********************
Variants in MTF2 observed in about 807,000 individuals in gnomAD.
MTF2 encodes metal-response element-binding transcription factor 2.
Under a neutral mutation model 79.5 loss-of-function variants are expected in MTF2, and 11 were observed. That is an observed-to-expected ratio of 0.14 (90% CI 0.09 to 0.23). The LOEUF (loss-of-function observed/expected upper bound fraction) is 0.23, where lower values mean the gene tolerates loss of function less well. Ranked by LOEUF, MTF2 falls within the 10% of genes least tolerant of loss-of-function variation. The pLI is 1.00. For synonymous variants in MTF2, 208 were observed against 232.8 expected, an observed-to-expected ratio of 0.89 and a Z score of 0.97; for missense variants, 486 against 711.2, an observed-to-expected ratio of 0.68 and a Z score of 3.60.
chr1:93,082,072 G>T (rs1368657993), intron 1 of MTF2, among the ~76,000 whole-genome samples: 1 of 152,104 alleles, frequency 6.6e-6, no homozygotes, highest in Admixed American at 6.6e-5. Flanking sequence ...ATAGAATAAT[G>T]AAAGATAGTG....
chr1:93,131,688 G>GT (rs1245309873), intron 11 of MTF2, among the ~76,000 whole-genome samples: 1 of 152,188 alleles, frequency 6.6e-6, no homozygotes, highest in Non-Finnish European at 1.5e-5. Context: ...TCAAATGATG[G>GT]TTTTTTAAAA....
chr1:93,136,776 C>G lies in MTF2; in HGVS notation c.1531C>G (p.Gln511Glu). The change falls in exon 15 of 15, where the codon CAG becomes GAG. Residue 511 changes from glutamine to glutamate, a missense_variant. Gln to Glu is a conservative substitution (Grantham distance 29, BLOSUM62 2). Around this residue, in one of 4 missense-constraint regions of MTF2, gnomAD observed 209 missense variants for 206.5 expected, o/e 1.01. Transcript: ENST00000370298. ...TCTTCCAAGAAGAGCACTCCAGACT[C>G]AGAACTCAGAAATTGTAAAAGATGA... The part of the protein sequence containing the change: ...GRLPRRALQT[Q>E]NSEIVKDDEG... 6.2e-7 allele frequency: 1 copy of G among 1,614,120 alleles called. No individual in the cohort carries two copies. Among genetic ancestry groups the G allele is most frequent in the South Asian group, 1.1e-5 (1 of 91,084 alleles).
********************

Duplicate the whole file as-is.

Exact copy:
Variants in MTF2 observed in about 807,000 individuals in gnomAD.
MTF2 encodes metal-response element-binding transcription factor 2.
Under a neutral mutation model 79.5 loss-of-function variants are expected in MTF2, and 11 were observed. That is an observed-to-expected ratio of 0.14 (90% CI 0.09 to 0.23). The LOEUF (loss-of-function observed/expected upper bound fraction) is 0.23, where lower values mean the gene tolerates loss of function less well. Ranked by LOEUF, MTF2 falls within the 10% of genes least tolerant of loss-of-function variation. The pLI is 1.00. For synonymous variants in MTF2, 208 were observed against 232.8 expected, an observed-to-expected ratio of 0.89 and a Z score of 0.97; for missense variants, 486 against 711.2, an observed-to-expected ratio of 0.68 and a Z score of 3.60.
chr1:93,082,072 G>T (rs1368657993), intron 1 of MTF2, among the ~76,000 whole-genome samples: 1 of 152,104 alleles, frequency 6.6e-6, no homozygotes, highest in Admixed American at 6.6e-5. Flanking sequence ...ATAGAATAAT[G>T]AAAGATAGTG....
chr1:93,131,688 G>GT (rs1245309873), intron 11 of MTF2, among the ~76,000 whole-genome samples: 1 of 152,188 alleles, frequency 6.6e-6, no homozygotes, highest in Non-Finnish European at 1.5e-5. Context: ...TCAAATGATG[G>GT]TTTTTTAAAA....
chr1:93,136,776 C>G lies in MTF2; in HGVS notation c.1531C>G (p.Gln511Glu). The change falls in exon 15 of 15, where the codon CAG becomes GAG. Residue 511 changes from glutamine to glutamate, a missense_variant. Gln to Glu is a conservative substitution (Grantham distance 29, BLOSUM62 2). Around this residue, in one of 4 missense-constraint regions of MTF2, gnomAD observed 209 missense variants for 206.5 expected, o/e 1.01. Transcript: ENST00000370298. ...TCTTCCAAGAAGAGCACTCCAGACT[C>G]AGAACTCAGAAATTGTAAAAGATGA... The part of the protein sequence containing the change: ...GRLPRRALQT[Q>E]NSEIVKDDEG... 6.2e-7 allele frequency: 1 copy of G among 1,614,120 alleles called. No individual in the cohort carries two copies. Among genetic ancestry groups the G allele is most frequent in the South Asian group, 1.1e-5 (1 of 91,084 alleles).